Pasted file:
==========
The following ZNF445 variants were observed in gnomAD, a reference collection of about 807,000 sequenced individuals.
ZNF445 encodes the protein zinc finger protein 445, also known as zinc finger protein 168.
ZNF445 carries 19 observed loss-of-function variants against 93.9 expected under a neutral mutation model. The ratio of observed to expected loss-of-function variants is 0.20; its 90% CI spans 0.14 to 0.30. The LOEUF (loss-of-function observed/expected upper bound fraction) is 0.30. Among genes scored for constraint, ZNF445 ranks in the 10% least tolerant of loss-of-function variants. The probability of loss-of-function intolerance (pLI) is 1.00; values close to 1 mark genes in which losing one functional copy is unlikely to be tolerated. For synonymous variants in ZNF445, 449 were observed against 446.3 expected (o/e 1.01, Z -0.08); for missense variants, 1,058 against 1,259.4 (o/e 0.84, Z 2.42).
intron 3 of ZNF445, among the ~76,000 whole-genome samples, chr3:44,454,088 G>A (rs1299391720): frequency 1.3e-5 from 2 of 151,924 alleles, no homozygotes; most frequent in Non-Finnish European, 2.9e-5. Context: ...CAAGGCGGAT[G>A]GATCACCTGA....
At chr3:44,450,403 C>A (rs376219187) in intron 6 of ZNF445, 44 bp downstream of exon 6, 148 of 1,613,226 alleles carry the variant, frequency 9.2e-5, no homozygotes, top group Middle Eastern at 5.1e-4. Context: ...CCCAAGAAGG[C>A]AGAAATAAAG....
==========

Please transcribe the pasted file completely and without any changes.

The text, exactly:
The following ZNF445 variants were observed in gnomAD, a reference collection of about 807,000 sequenced individuals.
ZNF445 encodes the protein zinc finger protein 445, also known as zinc finger protein 168.
ZNF445 carries 19 observed loss-of-function variants against 93.9 expected under a neutral mutation model. The ratio of observed to expected loss-of-function variants is 0.20; its 90% CI spans 0.14 to 0.30. The LOEUF (loss-of-function observed/expected upper bound fraction) is 0.30. Among genes scored for constraint, ZNF445 ranks in the 10% least tolerant of loss-of-function variants. The probability of loss-of-function intolerance (pLI) is 1.00; values close to 1 mark genes in which losing one functional copy is unlikely to be tolerated. For synonymous variants in ZNF445, 449 were observed against 446.3 expected (o/e 1.01, Z -0.08); for missense variants, 1,058 against 1,259.4 (o/e 0.84, Z 2.42).
intron 3 of ZNF445, among the ~76,000 whole-genome samples, chr3:44,454,088 G>A (rs1299391720): frequency 1.3e-5 from 2 of 151,924 alleles, no homozygotes; most frequent in Non-Finnish European, 2.9e-5. Context: ...CAAGGCGGAT[G>A]GATCACCTGA....
At chr3:44,450,403 C>A (rs376219187) in intron 6 of ZNF445, 44 bp downstream of exon 6, 148 of 1,613,226 alleles carry the variant, frequency 9.2e-5, no homozygotes, top group Middle Eastern at 5.1e-4. Context: ...CCCAAGAAGG[C>A]AGAAATAAAG....